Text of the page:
Thirty-seven Senegalese Survivors of a Fatal Migration Attempt to Spain Reunite with Families After a Month

by Gabriel Martinez
Senegalese migration

Thirty-seven survivors of a tragic sea journey attempting to migrate to Europe were reunited with their emotional families in Senegal. The survivors were discovered adrift near the Atlantic archipelago of Cape Verde a week prior.

The vessel, laden with over 100 passengers, embarked on a journey from Senegal to Spain’s Canary Islands on July 10 but tragically never reached its planned destination. The death toll from this tragic voyage is feared to exceed 60.

A Spanish fishing boat rescued 38 individuals last week, and they were taken to Cape Verde before being repatriated to Senegal.

Senegalese authorities confirmed that a military aircraft brought back 37 men, inclusive of five minors and one citizen from Guinea-Bissau, from Sal Island of Cape Verde on Monday. Reporters from Big Big News observed some of the survivors being transported into ambulances at Dakar’s airport in Senegal. One survivor remained in medical care in Praia, Cape Verde’s capital, as per the local Red Cross.

The perilous migration path from West Africa to Spain remains one of the world’s most hazardous, with the number of migrants departing Senegal in fragile wooden vessels rising substantially over the past year. These boats aim to reach the Canary Islands, an African northwest coastal archipelago utilized as an entry point to mainland Europe.

According to the Spanish rights group Walking Borders, nearly 800 individuals have perished or disappeared in the Atlantic while attempting to reach the Canary Islands in the first half of 2023.

Factors like escalating youth unemployment, political instability, armed group violence, and climate change are compelling West African migrants to risk their lives on these overcrowded boats.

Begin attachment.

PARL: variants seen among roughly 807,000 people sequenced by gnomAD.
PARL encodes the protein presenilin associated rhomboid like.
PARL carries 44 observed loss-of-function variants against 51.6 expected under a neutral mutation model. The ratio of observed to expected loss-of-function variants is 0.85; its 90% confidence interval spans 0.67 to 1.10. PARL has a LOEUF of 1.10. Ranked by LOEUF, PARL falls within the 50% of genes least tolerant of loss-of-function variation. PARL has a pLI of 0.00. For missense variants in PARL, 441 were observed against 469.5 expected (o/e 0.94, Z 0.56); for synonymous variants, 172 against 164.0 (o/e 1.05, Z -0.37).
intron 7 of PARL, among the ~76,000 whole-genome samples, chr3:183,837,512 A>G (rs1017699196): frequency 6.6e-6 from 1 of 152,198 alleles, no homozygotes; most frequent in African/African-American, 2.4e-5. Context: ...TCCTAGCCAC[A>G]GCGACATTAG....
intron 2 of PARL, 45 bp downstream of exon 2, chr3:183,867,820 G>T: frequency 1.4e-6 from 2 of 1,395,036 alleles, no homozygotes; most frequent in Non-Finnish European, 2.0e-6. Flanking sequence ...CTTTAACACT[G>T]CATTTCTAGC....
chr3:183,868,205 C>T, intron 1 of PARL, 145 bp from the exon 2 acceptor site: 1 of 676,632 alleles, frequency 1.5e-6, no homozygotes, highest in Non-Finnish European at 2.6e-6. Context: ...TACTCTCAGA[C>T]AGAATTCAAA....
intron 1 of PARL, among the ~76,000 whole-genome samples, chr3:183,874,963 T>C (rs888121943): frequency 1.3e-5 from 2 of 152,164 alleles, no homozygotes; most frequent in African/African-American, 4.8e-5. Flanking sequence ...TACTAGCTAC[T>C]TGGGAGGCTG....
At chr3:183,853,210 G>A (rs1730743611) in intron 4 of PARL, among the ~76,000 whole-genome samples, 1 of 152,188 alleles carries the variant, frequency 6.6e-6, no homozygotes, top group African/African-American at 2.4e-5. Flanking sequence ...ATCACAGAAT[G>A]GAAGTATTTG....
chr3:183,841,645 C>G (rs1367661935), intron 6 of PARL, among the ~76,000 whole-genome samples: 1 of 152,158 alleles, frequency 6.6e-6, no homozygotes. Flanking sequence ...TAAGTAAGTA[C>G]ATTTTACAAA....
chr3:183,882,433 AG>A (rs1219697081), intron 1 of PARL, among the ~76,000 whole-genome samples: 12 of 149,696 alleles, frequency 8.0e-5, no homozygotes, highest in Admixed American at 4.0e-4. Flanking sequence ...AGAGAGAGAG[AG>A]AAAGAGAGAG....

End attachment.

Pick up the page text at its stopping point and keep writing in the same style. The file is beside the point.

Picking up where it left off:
Relatives from Fass Boye, a Senegalese coastal fishing town and origin for many of these migrants, traveled south to Dakar’s military airstrip to greet their surviving family members, some of whom were transported to the airport via government-chartered bus.

The reunion was a mixed experience, marked by joy and sorrow, as more than 60 people remain unaccounted for and presumed deceased, including 18-year-old Papa Sow, More’s adoptive brother.

Unmarked beach graves in the Senegalese town of Saint-Louis bear testimony to the grim reality of such failed migration attempts.

Annette Seck, minister for Senegalese living abroad, during a press conference acknowledged the interment of seven discovered bodies in Cape Verde, extending her gratitude to the Cape Verdean authorities for their assistance and expressing sympathy to the grieving families.

The local fishermen and farmers in Fass Boye attribute the risk-taking by the young men to the absence of employment opportunities, compounded by the decline in fishing profits after the Senegalese government began contracting foreign companies using larger and more mechanized boats, depleting fish stocks at worrying levels.

Cheikh Seck, a head fisherman, mentioned that at least 20 large pirogues filled with hopeful migrants have departed the town over the past two decades.